Pig-nosed Turtle (Carettochelys insculpta) - Wiki
From Wikipedia, the free encyclopedia
[Photo] Pig-nosed Turtle (Carettochelys insculpta). Date 19 September 2004. Photo by http://en.wikipedia.org/wiki/User:Dawson
The Pig-nosed Turtle (Carettochelys insculpta), also known as the Australasian Pig-nose Turtle, Pitted-shelled Turtle, Plateless Turtle or Fly River Turtle, is a species of soft-shelled turtle native to freshwater streams, lagoons and rivers of the Northern Territory of Australia and of southern New Guinea. It is the only species in the genus Carettochelys, and the family Carettochelyidae.
There are two subspecies:
Carettochelys insculpta insculpta (Ramsay, 1887)
Carettochelys insculpta canni (Wells, 2002)
The Pig-nosed Turtle is unlike any other species of freshwater turtle in the world. The carapace is typically grey in colour, with a leathery texture, while the plastron is cream-coloured. The feet are flippers, resembling those of marine turtles. The nose looks like that of a pig, having the nostrils at the end of a fleshy snout, hence the common name. Males can be distinguished from females by their longer tails . Pig-nosed Turtles can grow to about 70 cm shell-length, with a weight of over 20 kg.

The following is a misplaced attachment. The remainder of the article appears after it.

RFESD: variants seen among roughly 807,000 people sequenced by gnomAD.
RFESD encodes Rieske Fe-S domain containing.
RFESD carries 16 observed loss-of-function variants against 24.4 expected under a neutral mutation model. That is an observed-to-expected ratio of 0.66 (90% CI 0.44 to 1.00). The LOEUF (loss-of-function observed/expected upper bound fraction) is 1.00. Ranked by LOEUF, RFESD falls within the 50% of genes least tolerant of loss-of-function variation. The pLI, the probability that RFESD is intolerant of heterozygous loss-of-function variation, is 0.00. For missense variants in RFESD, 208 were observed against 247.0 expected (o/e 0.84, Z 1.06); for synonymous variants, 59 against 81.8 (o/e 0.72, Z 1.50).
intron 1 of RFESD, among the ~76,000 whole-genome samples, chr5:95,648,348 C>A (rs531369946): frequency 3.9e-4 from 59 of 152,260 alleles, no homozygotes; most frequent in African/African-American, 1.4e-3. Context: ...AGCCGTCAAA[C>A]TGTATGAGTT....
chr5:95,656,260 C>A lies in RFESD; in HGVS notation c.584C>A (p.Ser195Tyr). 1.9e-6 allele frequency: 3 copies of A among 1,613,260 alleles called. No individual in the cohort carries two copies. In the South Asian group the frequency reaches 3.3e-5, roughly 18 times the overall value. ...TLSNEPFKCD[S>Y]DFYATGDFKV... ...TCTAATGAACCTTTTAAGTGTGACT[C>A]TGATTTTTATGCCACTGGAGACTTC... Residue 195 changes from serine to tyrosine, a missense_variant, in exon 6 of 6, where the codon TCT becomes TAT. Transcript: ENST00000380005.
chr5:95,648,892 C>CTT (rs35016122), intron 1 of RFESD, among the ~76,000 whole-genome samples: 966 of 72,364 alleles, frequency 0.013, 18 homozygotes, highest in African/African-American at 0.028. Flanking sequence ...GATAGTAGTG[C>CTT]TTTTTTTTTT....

Pig-nosed Turtles are almost entirely aquatic. Little is known about general behaviour as there have been few studies in the wild. Their aggressiveness in captivity seems to suggest that this species is markedly more territorial than most other turtles and tortoises.
The species is omnivorous, eating a wide variety of plant and animal matter, including the fruit and leaves of the fig as well as crustaceans, molluscs and insects.
Females do not reach maturity until at least 25 years old. They lay their eggs late in the dry season on sandy river banks.
Pig-nosed Turtles have become available through the exotic pet trade, with a few instances of captive breeding. While juveniles are small and grow slowly, their high cost and large potential size makes them suitable only for experienced aquatic turtle keepers. They tend to be shy and prone to stress, which can cause problems with their feeding, but they are known to eat commercially available processed turtle pellets or trout chow, as well as various fruits and vegetables. Breeding is rarely an option to the hobbyist, as adults are highly aggessive and will attack each other in all but the largest enclosures.
|The text in this page is based on the copyrighted Wikipedia article shown in above URL. It is used under the GNU Free Documentation License. You may redistribute it, verbatim or modified, providing that you comply with the terms of the GFDL.|